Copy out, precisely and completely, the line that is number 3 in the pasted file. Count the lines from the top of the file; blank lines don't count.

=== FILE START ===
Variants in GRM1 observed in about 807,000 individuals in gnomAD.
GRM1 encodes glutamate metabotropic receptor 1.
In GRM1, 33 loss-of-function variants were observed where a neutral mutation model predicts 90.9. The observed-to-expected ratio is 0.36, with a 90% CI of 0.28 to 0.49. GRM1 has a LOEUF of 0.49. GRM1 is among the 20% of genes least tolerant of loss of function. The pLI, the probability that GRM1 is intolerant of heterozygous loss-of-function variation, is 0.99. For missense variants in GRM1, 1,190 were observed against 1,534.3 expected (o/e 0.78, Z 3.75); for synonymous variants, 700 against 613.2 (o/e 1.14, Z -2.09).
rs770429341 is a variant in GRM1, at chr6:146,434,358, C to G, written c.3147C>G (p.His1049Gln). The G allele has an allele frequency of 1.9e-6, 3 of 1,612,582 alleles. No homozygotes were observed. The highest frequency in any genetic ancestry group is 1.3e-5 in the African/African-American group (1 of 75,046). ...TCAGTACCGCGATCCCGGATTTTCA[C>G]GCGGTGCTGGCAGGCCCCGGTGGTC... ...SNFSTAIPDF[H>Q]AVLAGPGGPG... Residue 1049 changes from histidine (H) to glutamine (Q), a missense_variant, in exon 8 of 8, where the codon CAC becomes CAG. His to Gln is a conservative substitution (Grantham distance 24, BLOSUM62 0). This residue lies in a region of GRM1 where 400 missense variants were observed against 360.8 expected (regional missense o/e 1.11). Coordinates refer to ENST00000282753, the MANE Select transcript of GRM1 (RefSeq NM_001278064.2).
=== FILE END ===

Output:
In GRM1, 33 loss-of-function variants were observed where a neutral mutation model predicts 90.9. The observed-to-expected ratio is 0.36, with a 90% CI of 0.28 to 0.49. GRM1 has a LOEUF of 0.49. GRM1 is among the 20% of genes least tolerant of loss of function. The pLI, the probability that GRM1 is intolerant of heterozygous loss-of-function variation, is 0.99. For missense variants in GRM1, 1,190 were observed against 1,534.3 expected (o/e 0.78, Z 3.75); for synonymous variants, 700 against 613.2 (o/e 1.14, Z -2.09).